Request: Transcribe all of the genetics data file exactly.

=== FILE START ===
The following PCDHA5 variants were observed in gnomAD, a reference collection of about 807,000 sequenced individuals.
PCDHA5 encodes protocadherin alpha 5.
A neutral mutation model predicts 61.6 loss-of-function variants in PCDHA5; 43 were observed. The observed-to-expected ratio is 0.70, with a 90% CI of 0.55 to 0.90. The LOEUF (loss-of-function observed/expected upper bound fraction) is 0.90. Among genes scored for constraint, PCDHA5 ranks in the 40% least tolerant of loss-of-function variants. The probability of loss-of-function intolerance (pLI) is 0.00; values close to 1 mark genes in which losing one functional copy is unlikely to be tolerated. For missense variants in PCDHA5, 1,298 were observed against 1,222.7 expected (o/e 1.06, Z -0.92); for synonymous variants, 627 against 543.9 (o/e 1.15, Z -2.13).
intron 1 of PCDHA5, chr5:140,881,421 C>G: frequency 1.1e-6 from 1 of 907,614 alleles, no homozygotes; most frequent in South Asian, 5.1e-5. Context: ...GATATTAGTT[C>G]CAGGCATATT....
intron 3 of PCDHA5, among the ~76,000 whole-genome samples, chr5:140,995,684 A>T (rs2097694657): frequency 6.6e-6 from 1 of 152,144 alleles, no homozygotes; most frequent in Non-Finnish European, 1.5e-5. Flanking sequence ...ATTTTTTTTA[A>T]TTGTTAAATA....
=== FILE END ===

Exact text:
The following PCDHA5 variants were observed in gnomAD, a reference collection of about 807,000 sequenced individuals.
PCDHA5 encodes protocadherin alpha 5.
A neutral mutation model predicts 61.6 loss-of-function variants in PCDHA5; 43 were observed. The observed-to-expected ratio is 0.70, with a 90% CI of 0.55 to 0.90. The LOEUF (loss-of-function observed/expected upper bound fraction) is 0.90. Among genes scored for constraint, PCDHA5 ranks in the 40% least tolerant of loss-of-function variants. The probability of loss-of-function intolerance (pLI) is 0.00; values close to 1 mark genes in which losing one functional copy is unlikely to be tolerated. For missense variants in PCDHA5, 1,298 were observed against 1,222.7 expected (o/e 1.06, Z -0.92); for synonymous variants, 627 against 543.9 (o/e 1.15, Z -2.13).
intron 1 of PCDHA5, chr5:140,881,421 C>G: frequency 1.1e-6 from 1 of 907,614 alleles, no homozygotes; most frequent in South Asian, 5.1e-5. Context: ...GATATTAGTT[C>G]CAGGCATATT....
intron 3 of PCDHA5, among the ~76,000 whole-genome samples, chr5:140,995,684 A>T (rs2097694657): frequency 6.6e-6 from 1 of 152,144 alleles, no homozygotes; most frequent in Non-Finnish European, 1.5e-5. Flanking sequence ...ATTTTTTTTA[A>T]TTGTTAAATA....